March 2024: Letters to the Editor

Record-setting sons and founding fathers


This article is taken from the March 2024 issue of The Critic. To get the full magazine why not subscribe? Right now we’re offering five issues for just £10.

Record-setting sons

Patrick Kidd (THIS SPORTING LIFE, FEBRUARY) writes with his customary sagacity about teenage sporting sensations and the difficulty so many of them have in sustaining early promise.

He mentions Vinod Kambli who at 16 was discussed in the same breath as his schoolboy contemporary, Sachin Tendulkar, but whose initially promising Test career was over within three years. Then again, Kambli still has India’s highest test match average (54). So not a total fail.

But might space be found here to recall another Indian cricket prodigy, Pranav Prashant Dhanawade?

In 2015, when he was 15 and playing in an inter-school tournament, Dhanawade set the record for the highest-ever score in a single innings in a recognised match, swatting 1,009 runs. His school declared on an also record-breaking 1,465 for 3.

Their opponents replied limply with innings of 31 and 52. Hopefully, rather than feel embarrassed, they have learned to dine out on their role in helping history be made.

Overnight, Dhanawade went from being the teenage son of a rickshaw driver to an international sensation. His state government paid for his subsequent education and cricket coaching.

But the high expectation was a hindrance as much as a help. “Every time I walked out to bat, I used to feel the pressure and that on occasions got the better of me. It became difficult for me as I lost focus at times and played a loose shot,” he admitted in 2021.

By then, Covid lockdowns had denied him — and countless other up-and-coming cricketers at the formative period of their development — two seasons of trials. By 2022, he was playing for Northwick Cricket Club in Cheshire. Age 23, his sights are still set on proving he was not a “one-knock wonder” and playing for India. But of this there is, as yet, no sign.

Dhanawade beat the record which had lasted for 116 years, set in 1899 by A.E.J. (Arthur) Collins, a 13-year-old playing in an inter-house match at Clifton College.

Crowds accumulated along with his profusion of boundaries over the course of his four days at the crease and prompted a report in The Times . He notched up 628 not out.

Aged 16, Collins joined the Royal Military Academy, Woolwich (for whom he scored a century against Sandhurst) and played at Lord’s for the Royal Engineers.

His army career, however, took precedence. Mentioned in despatches, he was killed at the First Battle of Ypres on 11 November 1914.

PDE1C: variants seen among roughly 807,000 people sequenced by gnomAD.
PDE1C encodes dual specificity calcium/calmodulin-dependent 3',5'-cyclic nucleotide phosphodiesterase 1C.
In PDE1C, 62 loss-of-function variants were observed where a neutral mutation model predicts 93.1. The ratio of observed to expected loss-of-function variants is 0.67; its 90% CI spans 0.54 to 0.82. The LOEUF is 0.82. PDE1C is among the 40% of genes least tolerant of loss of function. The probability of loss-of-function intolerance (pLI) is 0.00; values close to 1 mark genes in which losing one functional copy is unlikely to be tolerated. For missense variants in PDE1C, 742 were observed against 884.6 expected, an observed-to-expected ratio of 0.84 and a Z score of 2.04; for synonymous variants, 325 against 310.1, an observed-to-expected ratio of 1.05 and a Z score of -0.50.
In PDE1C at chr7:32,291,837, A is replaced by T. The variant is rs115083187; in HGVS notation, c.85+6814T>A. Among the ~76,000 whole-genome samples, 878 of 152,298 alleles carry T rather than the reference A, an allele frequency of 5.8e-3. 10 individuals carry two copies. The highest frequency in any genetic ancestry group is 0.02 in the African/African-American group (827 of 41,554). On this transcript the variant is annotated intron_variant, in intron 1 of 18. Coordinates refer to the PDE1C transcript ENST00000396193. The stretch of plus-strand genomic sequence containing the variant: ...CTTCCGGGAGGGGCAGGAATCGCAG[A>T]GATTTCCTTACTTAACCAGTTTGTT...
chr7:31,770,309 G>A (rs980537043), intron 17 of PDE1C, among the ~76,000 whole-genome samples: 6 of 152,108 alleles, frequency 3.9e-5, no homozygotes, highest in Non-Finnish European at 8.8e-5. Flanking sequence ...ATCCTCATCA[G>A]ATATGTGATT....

Jeremy Barnett

Art for ale’s sake

I read with interest the article by Simone Hanna regarding the state of British pubs (THE SAD DECLINE OF LONDON PUBS ONLINE). I would agree that in older times, perhaps pre-Covid, pubs were more occupied and more likely to stay open until advertised closing times.

But now with increased prices of over £6 a pint fewer people are inclined to part with that kind of money. Gone are the times when offices cleared out at 5pm and the first call was “pub anyone?”

In Greenwich I have tried to buck that trend by doing my bit to breathe new life into my local boozer, the Duke of Greenwich, in the form of a cartoon exhibition. This has increased the footfall in the pub and now means an establishment that came out of the pandemic with empty walls has a new impetus and identity.

They now want to book more artists for their walls and have introduced an extended opening timetable to boot with an actual “happy hour”. Maybe it’s time to give pubs a new lease of life through art?

Pete Songi

Founding Father

I enjoyed Andrea Valentino’s article on Episcopalians in the USA (PREACHING TO AN EVER-DWINDLING CHOIR, FEBRUARY). A big problem must surely be the USA’s foundation myth of having been somehow created by English Protestants — the Mayflower, the Pilgrim Fathers etc.

How many Episcopalians, and how many Brits, can give the name of the oldest city in the USA? It is not in Virginia, Massachusetts or even Maryland.

The oldest city now in the USA is St Augustine, Florida, founded in 1565 by the Spanish admiral Pedro Menéndez de Avilés, many years before the arrival of Protestants from England.

Anthony Weaver

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